Institution fellow.
ly
.
By Edward Lazear
Trump Recognizes That Humiliating Israel Didn’t Bring Peace
F
Jerusalem
or nearly seven decades, the
state of Israel has endured an
unusual humiliation: Alone
among the nations of the world, it
has been denied the sovereign right
to determine its own capital. Israel
has regarded Jerusalem as its capital since its War of Independence
in 1948. It is the seat of Israel’s
president, prime minister, Knesset
(parliament), Supreme Court and
most government ministries. Yet
for the better part of a century, the
U.S. has led what is effectively an
international boycott of Jerusalem
as Israel’s capital, keeping its embassy in Tel Aviv as part of a fiction that the status of Jerusalem
remains undetermined.
The roots of this policy go back
to the first half of the 20th century,
when European diplomats set their
sights on making Jerusalem an “international city”—a kind of second
Vatican, controlled by responsible
Europeans rather than by Jews or
Arabs. When Jewish forces took the
western half of the city in 1948, and
especially after Jerusalem was
united under Israeli rule in 1967, this
fantasy of a Euro-Jerusalem disappeared forever. But rather than recognizing Israeli sovereignty, the international community decided to
leave Jerusalem’s status for “future
negotiations.”
Yet now half a century has
passed, and still there is nothing but
Jewish sovereignty over Jerusalem
anywhere in sight. In a dramatic address Wednesday, President Trump
brought to an end the fiction that
something else is going to happen.
“Today we finally acknowledge the
obvious,” he said. “Jerusalem is Israel’s capital. This is nothing more
or less than a recognition of reality.
It is also the right thing to do.”
Mr. Trump is right about this. But
he also understands that there is
more to it. The dream of rebuilding
Jerusalem, destroyed in Roman
times, is the linchpin that holds Jewish faith and nationhood together.
Three times each day, Jews bless
God as Boneh Yerushalaim, “the
Builder of Jerusalem.” When Jews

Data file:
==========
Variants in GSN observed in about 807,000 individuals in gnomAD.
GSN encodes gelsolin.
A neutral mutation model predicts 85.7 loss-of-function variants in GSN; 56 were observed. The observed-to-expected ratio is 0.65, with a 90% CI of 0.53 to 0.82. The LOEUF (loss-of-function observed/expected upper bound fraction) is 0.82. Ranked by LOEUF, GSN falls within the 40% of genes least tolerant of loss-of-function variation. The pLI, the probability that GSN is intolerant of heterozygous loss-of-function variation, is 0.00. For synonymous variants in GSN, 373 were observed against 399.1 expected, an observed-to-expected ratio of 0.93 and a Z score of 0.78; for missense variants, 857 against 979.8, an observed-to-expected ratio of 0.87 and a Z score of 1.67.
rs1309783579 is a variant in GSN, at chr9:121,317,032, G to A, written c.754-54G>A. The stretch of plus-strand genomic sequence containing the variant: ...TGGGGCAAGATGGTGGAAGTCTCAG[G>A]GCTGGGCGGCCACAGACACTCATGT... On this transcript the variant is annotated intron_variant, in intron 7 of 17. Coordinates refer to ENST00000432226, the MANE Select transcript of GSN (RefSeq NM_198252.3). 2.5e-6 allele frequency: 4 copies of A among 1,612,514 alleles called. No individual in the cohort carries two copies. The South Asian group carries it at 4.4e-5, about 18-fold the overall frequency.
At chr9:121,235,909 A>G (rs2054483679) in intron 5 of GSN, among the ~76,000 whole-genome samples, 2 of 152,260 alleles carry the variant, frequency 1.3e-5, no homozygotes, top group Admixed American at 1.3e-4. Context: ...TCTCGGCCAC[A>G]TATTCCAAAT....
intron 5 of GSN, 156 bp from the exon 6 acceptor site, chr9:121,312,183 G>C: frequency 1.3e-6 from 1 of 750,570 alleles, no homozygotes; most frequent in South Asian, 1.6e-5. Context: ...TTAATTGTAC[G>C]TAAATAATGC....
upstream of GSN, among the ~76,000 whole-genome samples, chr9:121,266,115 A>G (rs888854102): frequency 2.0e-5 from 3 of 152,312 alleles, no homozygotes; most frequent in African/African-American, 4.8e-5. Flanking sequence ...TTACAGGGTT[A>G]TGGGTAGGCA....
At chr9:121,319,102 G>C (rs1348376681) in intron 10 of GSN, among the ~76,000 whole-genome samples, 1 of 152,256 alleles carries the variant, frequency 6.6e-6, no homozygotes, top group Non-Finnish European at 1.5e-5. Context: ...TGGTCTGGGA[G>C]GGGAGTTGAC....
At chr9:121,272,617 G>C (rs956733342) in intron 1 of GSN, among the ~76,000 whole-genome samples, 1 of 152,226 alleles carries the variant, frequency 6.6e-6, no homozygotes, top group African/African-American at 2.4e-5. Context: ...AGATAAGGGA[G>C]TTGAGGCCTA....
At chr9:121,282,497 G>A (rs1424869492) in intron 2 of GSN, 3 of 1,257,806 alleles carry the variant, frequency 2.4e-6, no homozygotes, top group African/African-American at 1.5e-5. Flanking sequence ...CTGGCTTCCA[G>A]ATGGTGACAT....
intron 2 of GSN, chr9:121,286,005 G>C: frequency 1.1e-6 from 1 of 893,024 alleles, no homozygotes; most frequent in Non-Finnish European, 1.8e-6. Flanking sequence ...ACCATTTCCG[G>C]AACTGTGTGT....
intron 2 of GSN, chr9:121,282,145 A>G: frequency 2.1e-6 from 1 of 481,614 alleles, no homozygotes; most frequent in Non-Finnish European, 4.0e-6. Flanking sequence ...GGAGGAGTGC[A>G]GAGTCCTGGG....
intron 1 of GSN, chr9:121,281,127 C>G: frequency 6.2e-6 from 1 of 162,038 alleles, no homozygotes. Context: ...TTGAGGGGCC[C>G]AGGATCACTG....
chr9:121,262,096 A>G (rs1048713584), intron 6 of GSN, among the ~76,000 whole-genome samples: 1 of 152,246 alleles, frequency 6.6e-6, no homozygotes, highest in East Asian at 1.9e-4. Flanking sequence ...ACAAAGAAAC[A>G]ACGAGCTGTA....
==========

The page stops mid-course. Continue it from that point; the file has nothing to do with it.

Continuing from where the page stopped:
read, at every wedding, “If I forget
you, Jerusalem, may my right hand
lose its strength” (Psalm 137:5), we
are teaching a subtle truth: We Jews
cannot give up on restoring our ancient capital without giving up the
source of our strength.
Would we really be giving up on
restoring Jerusalem if Israel negotiated a “deal” to share sovereignty in
the city? Consider the options: Israel will never agree for Jerusalem
construction project, excavation,
restoration or economic initiative
favored by Israel would be subject
to an Arab veto (and probably also
to a European one). This is a formula for reducing Jerusalem to
wretchedness.
For Israelis, then, any conceivable
“deal” over Jerusalem does indeed
mean giving up on the hope of restoring the only capital we’ve ever
had to sanctity and splendor.
Like it or not, this means that foreign powers have to choose—
whether to stand by the project of
establishing a fully sovereign Jewish
state with the right to make Jerusalem its capital, or to limit permanently Israeli sovereignty, while effectively internationalizing Jerusalem
under cover of peace talks with the
Arab states and the Palestine Liberation Organization.
For 70 years, the U.S. and most
other nations have declined to stand
with the Jewish people on this, believing that peace would somehow be
forthcoming if Israel were humiliated
in this way. But this approach has
not brought peace. It has only encouraged Israel’s enemies. This week,
Mr. Trump announced that America
will therefore stand by the Jewish
state. All over the world, Jews are
saying shehehianu, the traditional
blessing thanking God for letting us
live to see this day.
We have been warned by enemies
and by friends that this historic moment will be met with violence. That
is quite possible. Every significant